Nutrition is a topic that is vitally important, yet it creates a lot of confusion. Even people dedicated to fitness and wellness have widely varying positions on what to eat, when to eat it, and what happens when you do. This is especially prevalent in the gym “community” and all manner of diet programs materialize to point people in certain directions, and perhaps no topic is more frequently debated than post-workout nutrition.
For the evidence-minded, there is some information out there and I captured some of the pertinent stuff here.
On glycogen replenishment
Three sets to failure (using a 12 rep max intensity) produced only a 26% reduction of glycogen stores in the muscle.
Post-training carb ingestion evidence is supported, but only in tests conducted with endurance events like a 2-hour bout of cycling.
Potential exists for the same benefit for multiple sessions of resistance training in the same day, but otherwise the urgency of post-training glycogen is greatly diminished.
Moderate volume/high intensity weight training has been shown to deplete muscle glycogen by only 36-39%.
Even in the event of complete glycogen depletion, a rare event in weight training scenarios, no difference was noted between immediate consumption of high glycemic carb meals and a 2-hour wait to begin consumption. A study which added 165 grams of fat to post-training meals to remove any theoretical benefit of high-glycemic carb ingestion produced no difference in glycogen muscle content 24 hours post training.
On muscle protein breakdown
Research has consistently shown that with elevated plasma amino acids the effect of insulin elevation on net muscle protein balance plateaus at roughly 3-4 times the fasting level. This is easily accomplished with a mixed meal.
A 45-gram dose of whey protein isolate takes 50 minutes to spike blood amino acid levels. Insulin peaked 40 minutes after ingestion & remained elevated to the level needed to maximize net muscle protein balance for 2 hours.
The recommendation for lifters to spike insulin post-exercise is somewhat trivial.
On protein synthesis
Evidence supporting an immediate consumption of post-training protein for maximizing protein synthesis is lacking. One study showed a 3-fold increase in protein synthesis immediately post-exercise vs 12% when delaying consumption, however the exercise was long, moderate aerobic work. Every other study is contradictory and even the ones showing a positive effect on weight-training exercise were conducted on untrained individuals.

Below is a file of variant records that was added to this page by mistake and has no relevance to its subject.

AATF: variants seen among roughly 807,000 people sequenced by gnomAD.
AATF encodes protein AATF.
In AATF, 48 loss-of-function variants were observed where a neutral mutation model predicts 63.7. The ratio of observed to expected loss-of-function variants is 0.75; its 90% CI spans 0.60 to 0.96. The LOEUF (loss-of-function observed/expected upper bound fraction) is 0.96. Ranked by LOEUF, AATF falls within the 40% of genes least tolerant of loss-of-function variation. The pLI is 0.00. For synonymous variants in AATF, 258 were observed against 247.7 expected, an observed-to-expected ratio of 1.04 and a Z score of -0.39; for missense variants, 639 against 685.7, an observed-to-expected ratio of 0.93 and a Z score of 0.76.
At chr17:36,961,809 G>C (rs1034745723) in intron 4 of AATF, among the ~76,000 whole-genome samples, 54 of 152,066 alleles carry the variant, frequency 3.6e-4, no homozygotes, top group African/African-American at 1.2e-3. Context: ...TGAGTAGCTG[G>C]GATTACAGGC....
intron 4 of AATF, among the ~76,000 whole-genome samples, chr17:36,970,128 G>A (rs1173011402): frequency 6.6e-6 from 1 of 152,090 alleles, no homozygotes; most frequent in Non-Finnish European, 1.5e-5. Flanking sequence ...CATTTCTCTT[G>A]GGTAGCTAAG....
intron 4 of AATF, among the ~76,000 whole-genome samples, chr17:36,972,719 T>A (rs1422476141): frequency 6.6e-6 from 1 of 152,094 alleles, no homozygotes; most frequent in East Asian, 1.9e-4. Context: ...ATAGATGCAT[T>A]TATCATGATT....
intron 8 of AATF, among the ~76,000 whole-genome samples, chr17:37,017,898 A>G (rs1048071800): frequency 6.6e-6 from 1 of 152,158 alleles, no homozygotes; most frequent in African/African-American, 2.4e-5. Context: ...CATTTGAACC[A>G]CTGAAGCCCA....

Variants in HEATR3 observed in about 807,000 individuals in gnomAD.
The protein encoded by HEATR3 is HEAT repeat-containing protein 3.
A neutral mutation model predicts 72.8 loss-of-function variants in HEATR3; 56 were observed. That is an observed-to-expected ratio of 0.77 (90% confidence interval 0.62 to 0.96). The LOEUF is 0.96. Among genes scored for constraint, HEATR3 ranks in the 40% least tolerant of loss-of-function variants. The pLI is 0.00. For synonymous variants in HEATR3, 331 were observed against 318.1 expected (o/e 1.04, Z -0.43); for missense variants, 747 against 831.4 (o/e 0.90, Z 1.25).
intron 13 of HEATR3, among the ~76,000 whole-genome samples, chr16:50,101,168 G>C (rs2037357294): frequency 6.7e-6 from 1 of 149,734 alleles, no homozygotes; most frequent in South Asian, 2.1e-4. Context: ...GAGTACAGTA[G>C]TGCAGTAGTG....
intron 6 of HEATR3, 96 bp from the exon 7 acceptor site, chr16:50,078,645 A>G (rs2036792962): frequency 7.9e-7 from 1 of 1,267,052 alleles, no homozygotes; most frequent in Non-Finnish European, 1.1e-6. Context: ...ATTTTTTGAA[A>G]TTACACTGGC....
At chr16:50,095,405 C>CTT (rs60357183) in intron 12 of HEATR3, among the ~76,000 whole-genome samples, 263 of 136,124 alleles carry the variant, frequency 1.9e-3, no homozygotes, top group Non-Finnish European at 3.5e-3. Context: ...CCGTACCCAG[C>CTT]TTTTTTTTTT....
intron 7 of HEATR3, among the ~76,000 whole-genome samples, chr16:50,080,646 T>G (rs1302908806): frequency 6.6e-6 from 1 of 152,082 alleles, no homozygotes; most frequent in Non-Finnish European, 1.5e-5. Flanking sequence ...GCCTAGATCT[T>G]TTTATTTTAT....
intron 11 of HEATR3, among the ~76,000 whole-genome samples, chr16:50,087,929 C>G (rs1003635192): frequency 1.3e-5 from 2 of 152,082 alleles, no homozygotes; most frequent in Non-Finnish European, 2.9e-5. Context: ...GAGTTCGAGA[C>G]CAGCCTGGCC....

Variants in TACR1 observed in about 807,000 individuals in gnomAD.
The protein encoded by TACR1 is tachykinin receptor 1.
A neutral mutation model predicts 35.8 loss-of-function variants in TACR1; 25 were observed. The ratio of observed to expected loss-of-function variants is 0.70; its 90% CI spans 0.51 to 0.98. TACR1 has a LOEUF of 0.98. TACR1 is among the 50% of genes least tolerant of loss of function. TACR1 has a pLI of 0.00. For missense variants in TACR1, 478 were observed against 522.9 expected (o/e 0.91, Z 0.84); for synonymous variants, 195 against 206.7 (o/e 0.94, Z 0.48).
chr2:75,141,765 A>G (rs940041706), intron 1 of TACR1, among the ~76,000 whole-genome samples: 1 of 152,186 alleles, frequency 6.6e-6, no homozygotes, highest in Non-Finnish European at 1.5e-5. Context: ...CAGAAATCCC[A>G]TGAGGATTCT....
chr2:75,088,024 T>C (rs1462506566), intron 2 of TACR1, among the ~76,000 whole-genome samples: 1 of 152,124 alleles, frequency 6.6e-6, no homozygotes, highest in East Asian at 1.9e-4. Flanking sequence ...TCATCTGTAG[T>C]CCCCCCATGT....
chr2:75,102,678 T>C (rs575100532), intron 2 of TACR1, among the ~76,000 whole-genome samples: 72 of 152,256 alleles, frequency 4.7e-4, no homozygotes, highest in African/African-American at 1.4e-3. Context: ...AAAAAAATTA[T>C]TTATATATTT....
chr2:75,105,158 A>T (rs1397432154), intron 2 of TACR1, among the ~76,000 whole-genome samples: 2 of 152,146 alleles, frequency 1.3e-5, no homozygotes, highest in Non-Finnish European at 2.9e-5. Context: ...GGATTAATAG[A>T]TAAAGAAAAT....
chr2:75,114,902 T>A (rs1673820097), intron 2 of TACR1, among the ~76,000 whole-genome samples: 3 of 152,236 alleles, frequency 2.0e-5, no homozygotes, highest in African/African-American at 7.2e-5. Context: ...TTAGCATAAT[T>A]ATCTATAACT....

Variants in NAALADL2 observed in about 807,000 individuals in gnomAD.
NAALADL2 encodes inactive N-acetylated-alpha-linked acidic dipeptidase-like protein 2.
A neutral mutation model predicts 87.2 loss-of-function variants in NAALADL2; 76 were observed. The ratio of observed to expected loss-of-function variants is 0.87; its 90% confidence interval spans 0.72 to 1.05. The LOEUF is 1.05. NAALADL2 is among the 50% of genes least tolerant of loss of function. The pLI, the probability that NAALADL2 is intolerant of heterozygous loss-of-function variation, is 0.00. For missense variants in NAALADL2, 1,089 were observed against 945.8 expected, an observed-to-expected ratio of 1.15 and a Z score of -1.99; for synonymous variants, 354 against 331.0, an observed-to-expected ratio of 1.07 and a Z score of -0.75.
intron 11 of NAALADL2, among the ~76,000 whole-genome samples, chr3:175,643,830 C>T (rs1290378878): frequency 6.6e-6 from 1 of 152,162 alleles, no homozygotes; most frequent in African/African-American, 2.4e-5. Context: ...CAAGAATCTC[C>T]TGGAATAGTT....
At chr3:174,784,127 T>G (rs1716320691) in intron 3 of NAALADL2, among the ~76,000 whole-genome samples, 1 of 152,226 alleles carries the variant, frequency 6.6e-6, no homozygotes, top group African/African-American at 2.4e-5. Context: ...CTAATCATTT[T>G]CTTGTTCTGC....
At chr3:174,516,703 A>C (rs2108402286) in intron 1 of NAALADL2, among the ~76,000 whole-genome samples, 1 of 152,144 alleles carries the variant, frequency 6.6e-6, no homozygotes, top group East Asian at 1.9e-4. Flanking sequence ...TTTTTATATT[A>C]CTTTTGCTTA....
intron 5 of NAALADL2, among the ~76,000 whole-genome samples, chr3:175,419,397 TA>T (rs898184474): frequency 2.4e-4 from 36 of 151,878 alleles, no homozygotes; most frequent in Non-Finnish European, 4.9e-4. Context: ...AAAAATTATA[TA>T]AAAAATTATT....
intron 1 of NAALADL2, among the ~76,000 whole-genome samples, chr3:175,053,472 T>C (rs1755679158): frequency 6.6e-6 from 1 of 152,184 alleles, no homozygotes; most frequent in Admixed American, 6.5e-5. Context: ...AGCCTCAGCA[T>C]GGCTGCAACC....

Numerous studies have been done using pre and post training supplementation, mostly with untrained and elderly males. Results vary from dramatic increases in lean muscle mass to no significant difference. The one significant study done with well-trained young males, consuming a 42 Gram protein shake (low carb) before and after training resulted in no difference in muscle mass or total body mass after 10 weeks of progressive training using a 4-day split.
Evidence is lacking for the existence of an “anabolic window” of opportunity for nutrient timing around training. In the case of fasted training in the morning, it makes sense to immediately consume a protein supplement after training. This also holds true if it’s been 3-4 hours since the last meal.
In the case of non-fasted training, studies suggest consuming 20 grams of whey protein immediately before training elevates muscle amino acid uptake for up to 3 hours, making post-training protein redundant. No difference is noted whether protein is consumed immediately post-training or 1-2 hours later.
High quality protein at a rate of .18-.23 g per lb of lean body mass pre and post training is a fairly foolproof general guideline for maximizing acute anabolic effects. Additionally, pre and post training meals shouldn’t be separated by more than about 3-4 hours.
Carbohydrate consumption pre and post training is a gray area lacking any cohesive data. For weight training vs. endurance activity, the recommendation to add carbohydrate shows no benefit. Two studies have shown no impact from adding carbohydrate to a casein hydrolysate supplement. In one study, adding 50 grams of maltodextrin to a 25-gram whey supplement post-training did not improve muscle protein balance compared to the whey protein alone.